Same size or thicker, thicker the better
 

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Completely different from current discussion but, I'm in the middle of changing brake pads an ran into a small problem, I replaced the boots on my caliper guide pins one side went back in fine but I can't get the other one to stay down all the way. Is there something I need too do? I didn't do anything too the first one it stayed down on it's own.
It may be full of dirt and old grease mixed together. Clean grease would just push back. That boot was probably worn out, and had too little grease inside to stop dirt getting in (the boot should be full of grease)
 

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Discussion Starter #13
Yeah thanks, turned out to be a small piece of rubber on the tip of the guide pin. I didn't even know it was there I thought it was part of the pin. I found this out when I noticed 2 of the small rubber pieces in the bag that had the caliper guide pin boots.
 

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In this case you can use a slightly different size wire. However, the important point is OEM wires were designed to carry a specific load [volts] wire thickness / length and devise to be operated with all having resistance [Ω ohms]. That green stuff is what was wire. Sulfuric acid has dissolved the wire, As the wire disappears becomes frayed etc, the remaining wire can not carry the load. Any wire with green corrosion should be suspect. It should be cleaned, resealed or preferably replaced. Example is a rope with torn strands; it won't carry the load it was designed to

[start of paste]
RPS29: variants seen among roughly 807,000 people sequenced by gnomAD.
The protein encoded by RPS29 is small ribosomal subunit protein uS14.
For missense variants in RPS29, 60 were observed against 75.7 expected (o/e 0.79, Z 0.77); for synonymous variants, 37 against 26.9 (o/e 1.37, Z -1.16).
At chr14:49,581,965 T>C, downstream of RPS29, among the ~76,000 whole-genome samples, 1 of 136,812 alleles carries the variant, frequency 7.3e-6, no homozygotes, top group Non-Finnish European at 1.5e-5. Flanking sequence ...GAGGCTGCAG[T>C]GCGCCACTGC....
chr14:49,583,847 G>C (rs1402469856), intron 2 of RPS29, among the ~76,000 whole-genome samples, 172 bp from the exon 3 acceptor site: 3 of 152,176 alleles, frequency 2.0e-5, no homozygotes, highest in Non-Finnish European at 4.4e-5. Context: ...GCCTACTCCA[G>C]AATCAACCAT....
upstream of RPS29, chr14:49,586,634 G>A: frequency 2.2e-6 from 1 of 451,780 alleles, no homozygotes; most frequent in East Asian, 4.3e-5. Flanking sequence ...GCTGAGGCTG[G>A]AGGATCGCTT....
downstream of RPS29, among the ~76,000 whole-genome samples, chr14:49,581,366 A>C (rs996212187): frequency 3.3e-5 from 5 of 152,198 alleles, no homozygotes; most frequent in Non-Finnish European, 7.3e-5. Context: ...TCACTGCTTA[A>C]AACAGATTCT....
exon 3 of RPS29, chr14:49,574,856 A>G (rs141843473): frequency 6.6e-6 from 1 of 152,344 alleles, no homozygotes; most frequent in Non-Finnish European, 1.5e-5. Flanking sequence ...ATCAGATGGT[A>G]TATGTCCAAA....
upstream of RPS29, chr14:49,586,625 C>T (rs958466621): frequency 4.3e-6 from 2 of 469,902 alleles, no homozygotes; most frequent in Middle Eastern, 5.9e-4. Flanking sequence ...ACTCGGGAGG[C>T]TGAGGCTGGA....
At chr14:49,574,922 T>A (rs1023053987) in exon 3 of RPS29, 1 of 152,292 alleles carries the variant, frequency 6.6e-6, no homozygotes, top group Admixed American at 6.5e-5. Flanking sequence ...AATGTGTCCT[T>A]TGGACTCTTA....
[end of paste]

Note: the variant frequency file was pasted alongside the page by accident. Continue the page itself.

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That seems misleading. It was designed to carry a certain minimum load. You could run a 1" diameter wire across and it'll carry that load too. Just don't go smaller, in theory (in practice, the wire does very little and the car runs fine without it when everything is good otherwise, it's a backup)

And the green isn't sulphuric acid. It's copper oxide. It's different than the foamy white you get at a battery, which physically can leak at the posts. If you leave copper in a salt brine it'll turn like that pretty quickly, and that's what winter is in a lot of places.
 

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That seems misleading. It was designed to carry a certain minimum load. You could run a 1" diameter wire across and it'll carry that load too. Just don't go smaller, in theory (in practice, the wire does very little and the car runs fine without it when everything is good otherwise, it's a backup)

And the green isn't sulphuric acid. It's copper oxide. It's different than the foamy white you get at a battery, which physically can leak at the posts. If you leave copper in a salt brine it'll turn like that pretty quickly, and that's what winter is in a lot of places.

Sabertooth ALL true. I should have clarified PWR in my comment for those who don't understand wire sizing. Sulfuric acid vs copper oxide - my mistake from not paying attention.